The Department of Justice announced last week that they’ve made a Foreign Corrupt Practices Act (FCPA) pilot program a permanent fixture. The pilot program had offered declinations – case closures without prosecution or criminal resolution – if a company had voluntarily disclosed a potential violation along with three other contingencies. Now that the program is permanent, it marks the Department of Justice’s first explicit rule on how to receive an FCPA declination through voluntary disclosure.
The Department of Justice’s pilot program began in April 2016 and dealt exclusively with the Fraud Section’s FCPA unit. On November 29th, Deputy Attorney General Rod Rosenstein announced that the pilot program would become permanent policy, noting that the policy “motivates and rewards companies that want to do the right thing and disclose misconduct.”
The permanent program – called the FCPA Corporate Enforcement Policy – is meant to provide guidance and certainty for companies wondering whether they should voluntarily disclose potential infractions. The policy states that along with voluntary disclosure, a company must offer full cooperation, remediation, and payment of disgorgement, forfeiture, and/or restitution. If these four requirements are fulfilled, the company will receive a declination.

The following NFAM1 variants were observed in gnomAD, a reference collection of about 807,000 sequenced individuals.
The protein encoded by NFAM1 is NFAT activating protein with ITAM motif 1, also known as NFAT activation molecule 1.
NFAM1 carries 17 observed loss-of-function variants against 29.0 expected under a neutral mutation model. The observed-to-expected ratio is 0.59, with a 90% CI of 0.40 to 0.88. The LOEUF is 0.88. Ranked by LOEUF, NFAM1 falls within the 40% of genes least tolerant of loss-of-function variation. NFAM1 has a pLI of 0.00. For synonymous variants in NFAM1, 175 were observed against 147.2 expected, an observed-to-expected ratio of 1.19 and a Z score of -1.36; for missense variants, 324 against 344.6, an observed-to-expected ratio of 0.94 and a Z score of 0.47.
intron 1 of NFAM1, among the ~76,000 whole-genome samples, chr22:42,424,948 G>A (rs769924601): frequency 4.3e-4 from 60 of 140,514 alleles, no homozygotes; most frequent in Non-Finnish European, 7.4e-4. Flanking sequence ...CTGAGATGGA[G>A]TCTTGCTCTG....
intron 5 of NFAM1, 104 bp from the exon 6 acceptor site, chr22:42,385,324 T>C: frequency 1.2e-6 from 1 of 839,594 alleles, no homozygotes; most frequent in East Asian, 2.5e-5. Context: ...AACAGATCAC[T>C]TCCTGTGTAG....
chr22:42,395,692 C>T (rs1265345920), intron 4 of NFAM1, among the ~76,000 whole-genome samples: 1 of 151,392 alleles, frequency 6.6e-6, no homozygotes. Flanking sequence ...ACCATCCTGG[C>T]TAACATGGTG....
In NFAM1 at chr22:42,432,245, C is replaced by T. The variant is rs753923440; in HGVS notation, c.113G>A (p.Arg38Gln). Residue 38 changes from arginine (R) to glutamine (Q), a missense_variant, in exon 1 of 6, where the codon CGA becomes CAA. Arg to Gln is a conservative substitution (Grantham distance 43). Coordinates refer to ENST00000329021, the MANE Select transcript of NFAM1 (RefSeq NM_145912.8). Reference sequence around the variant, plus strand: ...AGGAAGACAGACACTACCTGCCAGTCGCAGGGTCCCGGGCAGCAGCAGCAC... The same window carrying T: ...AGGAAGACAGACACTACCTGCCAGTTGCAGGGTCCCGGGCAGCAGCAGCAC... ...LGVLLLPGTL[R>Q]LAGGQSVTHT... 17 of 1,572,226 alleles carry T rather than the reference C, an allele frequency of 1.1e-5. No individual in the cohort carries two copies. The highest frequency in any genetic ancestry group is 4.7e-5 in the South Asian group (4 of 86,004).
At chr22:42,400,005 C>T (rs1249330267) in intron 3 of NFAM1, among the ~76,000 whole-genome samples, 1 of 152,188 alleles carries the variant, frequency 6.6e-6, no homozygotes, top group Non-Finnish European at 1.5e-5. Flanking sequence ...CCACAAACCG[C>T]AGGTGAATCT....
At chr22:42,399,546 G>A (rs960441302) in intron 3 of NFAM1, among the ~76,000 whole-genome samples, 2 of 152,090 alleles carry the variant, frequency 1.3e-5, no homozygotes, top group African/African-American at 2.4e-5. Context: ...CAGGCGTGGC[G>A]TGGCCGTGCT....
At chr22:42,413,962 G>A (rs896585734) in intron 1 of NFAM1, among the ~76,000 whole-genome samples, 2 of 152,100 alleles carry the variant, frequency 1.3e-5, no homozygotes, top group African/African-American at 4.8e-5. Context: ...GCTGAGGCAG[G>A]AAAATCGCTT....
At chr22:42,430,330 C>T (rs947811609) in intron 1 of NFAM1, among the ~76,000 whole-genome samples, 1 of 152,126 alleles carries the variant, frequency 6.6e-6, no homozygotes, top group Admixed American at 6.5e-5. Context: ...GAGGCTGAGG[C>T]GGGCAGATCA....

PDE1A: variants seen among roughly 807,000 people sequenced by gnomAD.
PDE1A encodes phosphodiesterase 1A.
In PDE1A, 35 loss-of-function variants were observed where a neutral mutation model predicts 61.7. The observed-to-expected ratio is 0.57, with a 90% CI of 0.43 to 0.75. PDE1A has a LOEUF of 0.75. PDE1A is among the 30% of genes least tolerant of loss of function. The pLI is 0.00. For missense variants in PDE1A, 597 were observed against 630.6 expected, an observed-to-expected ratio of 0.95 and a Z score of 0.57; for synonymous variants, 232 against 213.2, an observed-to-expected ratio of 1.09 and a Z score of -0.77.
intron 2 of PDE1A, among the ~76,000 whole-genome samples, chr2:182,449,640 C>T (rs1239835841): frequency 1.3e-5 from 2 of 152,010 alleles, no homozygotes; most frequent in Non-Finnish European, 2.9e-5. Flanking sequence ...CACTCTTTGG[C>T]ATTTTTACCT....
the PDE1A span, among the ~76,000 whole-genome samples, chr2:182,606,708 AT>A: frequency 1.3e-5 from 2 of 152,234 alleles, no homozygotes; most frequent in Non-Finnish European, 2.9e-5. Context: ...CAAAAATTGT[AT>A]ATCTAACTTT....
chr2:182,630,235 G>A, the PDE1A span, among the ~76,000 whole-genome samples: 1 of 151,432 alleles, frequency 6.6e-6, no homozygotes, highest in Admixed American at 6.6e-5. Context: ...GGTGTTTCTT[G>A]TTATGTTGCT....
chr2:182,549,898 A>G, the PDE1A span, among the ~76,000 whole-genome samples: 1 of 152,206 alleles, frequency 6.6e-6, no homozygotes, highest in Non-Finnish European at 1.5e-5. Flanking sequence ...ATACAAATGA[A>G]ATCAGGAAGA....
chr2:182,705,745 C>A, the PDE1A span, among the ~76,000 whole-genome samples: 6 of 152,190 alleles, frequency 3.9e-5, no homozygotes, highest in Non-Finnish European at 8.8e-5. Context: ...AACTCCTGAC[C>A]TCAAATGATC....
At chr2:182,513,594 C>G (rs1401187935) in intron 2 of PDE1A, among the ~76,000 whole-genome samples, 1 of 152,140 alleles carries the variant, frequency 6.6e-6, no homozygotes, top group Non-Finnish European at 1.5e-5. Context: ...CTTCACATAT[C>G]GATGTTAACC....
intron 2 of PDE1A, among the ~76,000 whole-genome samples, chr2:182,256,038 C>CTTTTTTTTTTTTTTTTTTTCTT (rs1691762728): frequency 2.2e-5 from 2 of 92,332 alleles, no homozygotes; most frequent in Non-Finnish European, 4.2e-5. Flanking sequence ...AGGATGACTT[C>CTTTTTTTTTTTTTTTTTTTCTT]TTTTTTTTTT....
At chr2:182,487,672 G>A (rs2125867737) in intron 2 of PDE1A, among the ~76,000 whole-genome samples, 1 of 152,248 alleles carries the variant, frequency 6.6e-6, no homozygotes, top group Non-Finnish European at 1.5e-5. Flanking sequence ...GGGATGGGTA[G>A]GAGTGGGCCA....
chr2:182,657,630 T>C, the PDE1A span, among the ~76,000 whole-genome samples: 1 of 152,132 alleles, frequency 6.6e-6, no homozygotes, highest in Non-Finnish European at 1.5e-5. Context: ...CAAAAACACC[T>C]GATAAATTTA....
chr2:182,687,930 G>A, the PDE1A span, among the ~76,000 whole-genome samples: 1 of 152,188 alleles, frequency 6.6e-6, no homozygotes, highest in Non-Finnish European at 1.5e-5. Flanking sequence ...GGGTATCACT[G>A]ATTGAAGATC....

The policy is only in effect absent aggravating circumstances such as involvement of executive management in the misconduct, significant profit from the misconduct, pervasive misconduct within the company or criminal recidivism.
But even if a criminal resolution is sought, if the company has voluntarily disclosed, cooperated, remediated and paid disgorgement, the fine will be a 50% reduction off of the lowest end of the U.S. Sentencing Guidelines range. If the company did not voluntarily disclose, yet cooperated, remediated and paid disgorgement, the fine will be a 25% reduction off the lowest end of the range.
So far, the program has worked. In the pilot program’s first 18 months, the FCPA unit received 30 voluntary disclosures. In comparison, the FCPA unit received 18 voluntary disclosures the previous 18-month period.
The full policy is available at the Department of Justice’s website here, https://www.justice.gov/criminal-fraud/file/838416/download.